One thing I can say is that driver is doing its best to provide compiler with as many context around the stuff being compiled as possible. You get hints from the API, you understand what's being executed and on what resources (unless you're doing bindless), you know what shader it is (pixel, vertex,...), what inputs and outputs are, and so on. You take this knowledge and pass it to the compiler which does whatever it can to maximize HW utilization and minimize all the bad things (latency, resource usage, etc.). If there's something that compiler could do better - this will be discussed, assessed against wider spectrum of APIs and needs and potentially implemented. This has been discussed in the driver optimization thread before and is an absolute must for every driver on every HW.

    On top of that driver has to (well, should) be conservative so if e.g. we know that we could optimize something and gain 10% boost 90% of the time but it'd break a bunch of apps - we won't do this. If there's something that can be done in the API to mitigate this - this should be discussed with API people (Khronos, MS). If there's something that HW could do, it's being discussed with HW folks and if sane - prototyped, measured and budgeted (people, time, die area). This is how every business operates (or should).

    So, yeah, I can't state how things work internally w/o getting shot in the head but people should follow Occam's razor in discussions about HW. Changes in HW - from every vendor I'm sure - happen for a reason. It's absolutely counterproductive and probably counter-factual to assume, that companies do stuff in the HW for political reasons. There are engineers measuring and tweaking stuff. They are the people who make calls - sometimes correct, sometimes not. Happens. So how work in the GPU is scheduled, what precision is being used - those things come from real world data, not from a religious leader. And in general things improve from core to core. :)
     
  18. sebbbi

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    I don't personally develop on PVR hardware (but I am discussing with guys who do daily), so I am not familiar with the development tools.

    Obviously VS and PS can be running at the same time. What I wanted to know was that is there a downside or an upside if the VS is running FP32 code and the PS is running FP16 code. Basically what I wanted to know is the granularity of "we don't run F32 and F16 together". Does this mean that a single USC is in either FP32 or FP16 mode (and the other execution unit is shut down)? I don't know enough about the capability of PVR architecture to run multiple shaders simultaneously to ask the right questions. GCN for example can run multiple shaders at the same time on the same CU. If one of the shaders uses different units/resources than the other, both can co-exist happily and finish faster (than just running them one after the other). This also applies to the VS + PS scenario on GCN. It would be nice if the vertex shader could use the FP32 execution resources simultaneously as the pixel shader is using the FP16 execution resources.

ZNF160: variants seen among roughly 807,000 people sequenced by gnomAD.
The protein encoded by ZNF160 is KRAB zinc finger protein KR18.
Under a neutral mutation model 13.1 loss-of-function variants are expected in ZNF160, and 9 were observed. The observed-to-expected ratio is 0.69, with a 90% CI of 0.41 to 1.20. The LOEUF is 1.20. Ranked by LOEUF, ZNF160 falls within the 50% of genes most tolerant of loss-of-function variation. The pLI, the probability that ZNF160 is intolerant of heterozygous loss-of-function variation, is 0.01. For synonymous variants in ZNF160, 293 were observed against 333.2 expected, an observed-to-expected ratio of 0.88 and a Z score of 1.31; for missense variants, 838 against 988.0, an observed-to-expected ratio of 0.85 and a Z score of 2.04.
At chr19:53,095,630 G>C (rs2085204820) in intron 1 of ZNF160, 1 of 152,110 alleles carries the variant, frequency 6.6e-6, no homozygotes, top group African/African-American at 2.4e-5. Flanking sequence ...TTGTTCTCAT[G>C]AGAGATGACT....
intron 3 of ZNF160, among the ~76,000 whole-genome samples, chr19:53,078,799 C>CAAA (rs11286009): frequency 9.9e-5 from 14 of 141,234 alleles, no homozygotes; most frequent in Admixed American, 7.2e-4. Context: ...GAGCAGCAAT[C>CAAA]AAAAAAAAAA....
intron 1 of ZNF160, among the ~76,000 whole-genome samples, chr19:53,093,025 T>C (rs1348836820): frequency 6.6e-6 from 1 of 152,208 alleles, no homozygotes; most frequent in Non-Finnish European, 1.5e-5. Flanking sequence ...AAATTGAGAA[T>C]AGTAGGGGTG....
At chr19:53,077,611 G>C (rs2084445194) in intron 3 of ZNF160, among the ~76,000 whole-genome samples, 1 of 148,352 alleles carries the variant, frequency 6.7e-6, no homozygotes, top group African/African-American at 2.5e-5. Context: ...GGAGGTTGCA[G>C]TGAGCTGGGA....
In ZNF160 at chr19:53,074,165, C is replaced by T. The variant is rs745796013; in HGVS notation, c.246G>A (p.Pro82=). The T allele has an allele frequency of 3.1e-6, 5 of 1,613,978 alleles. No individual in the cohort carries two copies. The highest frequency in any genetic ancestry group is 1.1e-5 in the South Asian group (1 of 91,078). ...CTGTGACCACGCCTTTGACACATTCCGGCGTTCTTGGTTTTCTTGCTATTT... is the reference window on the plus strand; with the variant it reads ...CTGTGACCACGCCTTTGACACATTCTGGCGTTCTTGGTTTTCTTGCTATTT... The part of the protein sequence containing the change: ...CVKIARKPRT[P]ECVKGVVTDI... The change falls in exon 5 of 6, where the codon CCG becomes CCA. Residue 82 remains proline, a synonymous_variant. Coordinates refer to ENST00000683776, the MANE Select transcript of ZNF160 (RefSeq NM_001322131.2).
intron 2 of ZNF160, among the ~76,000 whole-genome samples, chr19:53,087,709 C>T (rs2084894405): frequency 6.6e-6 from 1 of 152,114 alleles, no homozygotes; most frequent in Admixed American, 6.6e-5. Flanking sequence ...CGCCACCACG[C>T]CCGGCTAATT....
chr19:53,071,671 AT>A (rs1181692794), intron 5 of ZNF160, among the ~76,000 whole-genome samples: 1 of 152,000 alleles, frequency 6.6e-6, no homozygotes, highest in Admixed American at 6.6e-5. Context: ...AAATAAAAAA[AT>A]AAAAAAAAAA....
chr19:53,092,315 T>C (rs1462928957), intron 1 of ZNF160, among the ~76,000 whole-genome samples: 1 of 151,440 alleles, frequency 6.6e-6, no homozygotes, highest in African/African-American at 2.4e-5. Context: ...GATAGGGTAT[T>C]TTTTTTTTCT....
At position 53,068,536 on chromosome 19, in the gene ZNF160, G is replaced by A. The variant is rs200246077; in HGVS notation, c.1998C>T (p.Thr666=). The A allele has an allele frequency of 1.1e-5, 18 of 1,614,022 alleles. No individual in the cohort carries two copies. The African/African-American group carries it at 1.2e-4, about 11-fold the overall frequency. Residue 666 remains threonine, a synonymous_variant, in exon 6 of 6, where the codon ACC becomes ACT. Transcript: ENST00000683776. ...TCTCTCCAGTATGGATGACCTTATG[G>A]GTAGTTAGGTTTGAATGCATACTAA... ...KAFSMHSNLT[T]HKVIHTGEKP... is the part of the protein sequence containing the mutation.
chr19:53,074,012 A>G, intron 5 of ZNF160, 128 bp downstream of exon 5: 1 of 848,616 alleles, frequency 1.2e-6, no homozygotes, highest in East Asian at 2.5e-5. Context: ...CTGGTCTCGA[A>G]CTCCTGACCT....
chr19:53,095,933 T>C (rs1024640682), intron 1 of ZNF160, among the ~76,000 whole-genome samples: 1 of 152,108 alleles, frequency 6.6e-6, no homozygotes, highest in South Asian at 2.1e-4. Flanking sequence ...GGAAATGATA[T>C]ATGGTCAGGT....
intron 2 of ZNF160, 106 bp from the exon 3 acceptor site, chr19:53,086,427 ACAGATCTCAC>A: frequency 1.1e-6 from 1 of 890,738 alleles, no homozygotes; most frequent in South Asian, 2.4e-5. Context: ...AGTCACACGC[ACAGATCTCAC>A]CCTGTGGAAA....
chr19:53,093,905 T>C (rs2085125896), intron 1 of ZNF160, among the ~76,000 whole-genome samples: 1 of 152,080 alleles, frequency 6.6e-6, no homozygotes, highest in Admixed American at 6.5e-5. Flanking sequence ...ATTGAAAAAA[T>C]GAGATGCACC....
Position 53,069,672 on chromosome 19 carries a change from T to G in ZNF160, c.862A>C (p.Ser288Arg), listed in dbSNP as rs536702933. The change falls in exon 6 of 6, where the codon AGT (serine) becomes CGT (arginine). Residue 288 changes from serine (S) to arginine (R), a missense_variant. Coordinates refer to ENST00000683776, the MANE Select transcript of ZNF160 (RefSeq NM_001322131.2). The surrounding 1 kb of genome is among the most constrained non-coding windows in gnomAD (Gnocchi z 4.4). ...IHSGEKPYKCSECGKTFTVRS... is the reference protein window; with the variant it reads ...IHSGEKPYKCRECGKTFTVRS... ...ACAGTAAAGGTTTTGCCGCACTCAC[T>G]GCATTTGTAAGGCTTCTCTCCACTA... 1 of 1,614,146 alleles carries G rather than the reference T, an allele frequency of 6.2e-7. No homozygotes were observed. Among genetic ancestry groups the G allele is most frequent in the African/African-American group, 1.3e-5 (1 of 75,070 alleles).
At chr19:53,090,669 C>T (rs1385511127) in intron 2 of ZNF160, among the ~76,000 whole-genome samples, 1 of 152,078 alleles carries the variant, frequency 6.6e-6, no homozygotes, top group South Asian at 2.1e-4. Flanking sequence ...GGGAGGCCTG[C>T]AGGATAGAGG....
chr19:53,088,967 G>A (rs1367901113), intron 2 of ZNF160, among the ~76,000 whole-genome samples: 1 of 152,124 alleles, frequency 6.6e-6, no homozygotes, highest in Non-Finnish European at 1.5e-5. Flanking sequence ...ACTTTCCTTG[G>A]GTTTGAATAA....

19. Dominik D

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    Again, I can't talk about internals and granularity of fp16/fp32 work, but I can say that this kind of dependency would affect HW performance on Windows, where DXGK is scheduling work from multiple sources (applications and compositor) and you can't tell upfront what VS you'll be running in parallel with what PS. So you'd have to be conservative and run everything fp32, swallow the lack of overlap (unless you can hide it) or deal with image quality and run everything fp16.

    It would be hard to manage this kind of dependencies forced by the HW design even on platforms where you control scheduling yourself as you'd have to look in your scheduler at the stuff you're running in parallel from the angle of shader precision (which is most likely tied into the ISA, so your user mode driver decided about the machine shader precision beforehand) on top of resolving resource dependencies, fences and what not.

    It is feasible to give this kind of explicit control to the developer, especially for single-app scenarios (DX12+ probably could do that) but it should be optional, not mandatory, and you still have to design your driver and your HW for all cases, not just for the high performance games.
     
  20. Rys

    Rys AMD RTG
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    We don't execute different thread types simultaneously, but we can switch to a new thread type in the next clock, and threads can issue to either the F32 or F16 datapath, just not both at the same time.

    There's more than just the F16 and F32 paths in the hardware as well. As mentioned in another thread ages ago, there's also the SFU path and the integer path.